First, a confession; my only exposure to the famous ballad, The Lady of Shalott by Alfred Lord Tennyson, is the musical adaptation by Loreena McKennitt. Perhaps I once had to read it for a class in school, but since my reading preference has always been prose, it wouldn’t be out of the realm of possibility that I have simply forgotten. Anyroad, this adaptation takes the Arthurian legend and adds the author’s own personal touch; an adaptation that, while remaining true to the original’s basic story line, is reminiscent of the science fiction episodes I used to watch on Rod Serling’s Twilight Zone. The progression of The Lady through the various stages of her existence, and the descriptions of the eras in which she awakes are masterfully told by the author. The inner turmoil of The Lady, as she struggles with the Mirror to gain access to the people she comes in contact with, drives the tale as the Mirror cautions her time and again about the dangers involved. The conclusion of the tale, though a heart rending scene, is also one of hope as The Lady finally finds out who she is. Kudos to the author for a most interesting slant on this well known ballad. 4.7 stars
Let me just state from the get-go…I fancy myself as an author given that I have written and published a novel (with more to come) but when I read someone like Guy Gavriel Kay, I ache to have just a little of his talent; just a little more ability to draw word pictures in his manner. Lions is a complex story of love, loyalty, and devotion during a period of great upheaval; a period reminiscent of the Moorish-Christian competition to see whose God is best(sadly, still going on.) If I get anything out of reading this tale it is this, that the genocidal insanity of religious domination in political affairs is quite possibly the saddest concept in human history.
Another aspect of Lions is the almost impossible situations some of the characters find themselves in; especially when it comes to love and loyalty…so many lines are crossed and in such a way that the differences between Jaddite-Asharite-Kindath pale in significance to the individuals involved. The Kindath physician Jehane, the poet/warrior Ammar, the Jaddite warrior Rodrigo and many others, provide the reader with characters so fully developed as to make the story seem historical rather than a fantasy account.
So, my peeps and fellow travelers, prepare for an emotion filled, heart tugging tale from a master at his craft. 5 stars…or maybe two moons…or maybe just the Sun..read the book, you’ll get what I mean. 🙂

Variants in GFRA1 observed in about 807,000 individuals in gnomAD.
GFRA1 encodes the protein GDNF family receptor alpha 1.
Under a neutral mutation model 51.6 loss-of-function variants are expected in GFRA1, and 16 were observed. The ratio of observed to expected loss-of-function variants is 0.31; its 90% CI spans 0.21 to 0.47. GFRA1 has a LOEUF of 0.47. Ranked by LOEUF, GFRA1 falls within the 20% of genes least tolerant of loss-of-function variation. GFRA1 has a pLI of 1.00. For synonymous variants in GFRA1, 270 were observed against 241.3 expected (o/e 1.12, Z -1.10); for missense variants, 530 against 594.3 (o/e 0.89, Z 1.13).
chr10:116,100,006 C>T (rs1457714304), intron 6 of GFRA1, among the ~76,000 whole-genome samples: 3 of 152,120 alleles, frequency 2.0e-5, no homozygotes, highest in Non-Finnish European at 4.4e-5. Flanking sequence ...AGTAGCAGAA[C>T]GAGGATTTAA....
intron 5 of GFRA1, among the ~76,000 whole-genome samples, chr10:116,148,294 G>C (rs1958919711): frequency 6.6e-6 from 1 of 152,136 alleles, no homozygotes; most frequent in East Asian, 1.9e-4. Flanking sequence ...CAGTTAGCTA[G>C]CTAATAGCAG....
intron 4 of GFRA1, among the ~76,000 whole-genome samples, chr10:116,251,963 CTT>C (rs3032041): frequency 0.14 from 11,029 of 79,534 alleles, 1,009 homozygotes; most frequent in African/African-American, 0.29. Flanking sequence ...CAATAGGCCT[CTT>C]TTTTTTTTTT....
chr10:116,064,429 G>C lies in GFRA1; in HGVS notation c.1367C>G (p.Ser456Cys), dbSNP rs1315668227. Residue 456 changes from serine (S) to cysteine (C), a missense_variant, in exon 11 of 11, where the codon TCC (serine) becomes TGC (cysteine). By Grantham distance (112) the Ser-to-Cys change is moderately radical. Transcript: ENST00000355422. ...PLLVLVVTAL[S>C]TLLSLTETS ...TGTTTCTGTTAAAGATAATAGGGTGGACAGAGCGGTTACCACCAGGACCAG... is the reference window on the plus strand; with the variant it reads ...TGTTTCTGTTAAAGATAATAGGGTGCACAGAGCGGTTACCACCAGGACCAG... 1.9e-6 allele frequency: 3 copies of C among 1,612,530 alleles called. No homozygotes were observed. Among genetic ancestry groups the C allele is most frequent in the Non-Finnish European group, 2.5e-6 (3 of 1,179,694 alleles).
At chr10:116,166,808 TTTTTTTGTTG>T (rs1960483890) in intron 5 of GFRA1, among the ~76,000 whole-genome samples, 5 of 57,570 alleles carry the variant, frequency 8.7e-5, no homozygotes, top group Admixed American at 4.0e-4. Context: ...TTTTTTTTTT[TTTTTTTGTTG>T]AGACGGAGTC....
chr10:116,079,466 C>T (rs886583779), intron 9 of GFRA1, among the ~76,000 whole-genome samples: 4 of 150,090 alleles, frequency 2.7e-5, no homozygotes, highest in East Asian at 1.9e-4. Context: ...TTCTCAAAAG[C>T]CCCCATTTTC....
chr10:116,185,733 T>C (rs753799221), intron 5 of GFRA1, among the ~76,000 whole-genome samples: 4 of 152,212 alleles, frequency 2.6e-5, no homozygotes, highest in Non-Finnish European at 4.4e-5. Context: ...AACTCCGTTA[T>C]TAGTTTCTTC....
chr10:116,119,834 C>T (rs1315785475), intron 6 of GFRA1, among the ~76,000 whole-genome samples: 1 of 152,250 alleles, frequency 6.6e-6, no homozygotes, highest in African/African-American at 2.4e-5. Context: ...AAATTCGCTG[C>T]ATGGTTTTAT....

The Legionary series, has become one of my favorites over the years, and am happy to report that Empire of Shades carries on the tradition of crafty storytelling that we’ve grown to expect from Mr. Doherty. The masterful interweaving of the multiple plot lines throughout the tale are sure to keep the reader engaged and turning pages. Pavo and the rest of his gang are really put to the test in many ways and many times in this many layered thriller. Pavo reaches a new depth of character as he pursues a promise made to his friend and mentor, Gallus. He also finds love again and that experience leaves it’s mark. Set against the backdrop of Theodosius taking the mantle of Emperor of the East and the unsettling shenanigans of Gratian, the Emperor of the West, Mr. Doherty leads us on a brutal adventure during a time of great migrations and a changing world. 4.7 stars
If there’s one thing I’ve learned after reading so many of Mr. Turney’s works, it is that to expect the unexpected. In this the fifth volume in Tales of the Empire we find the Empire invading the isle of Alba; it is reminiscent of Rome in Britain but with enough plot twists to keep the reader guessing as this invasion is fraught with much more than just battles between 3 legions and tribal warriors. As in the previous four volumes in this series, we are introduced to a whole new set of characters and with the action mostly on Alba, a new location. Once again, the author shines as he creates his characters with a wide range of personalities. The three tribunes are a good example of that as each one has something different about him to bring to the table. Of nasty specimens be assured that there are plenty and they are wonderful additions indeed. The reader also gets to enjoy the imaginative descriptive prowess of the author as he paints a vivid picture of the surroundings and the hill forts; especially the fortress of the Queen. Another winner for Mr. Turney; that’s also to be expected. 🙂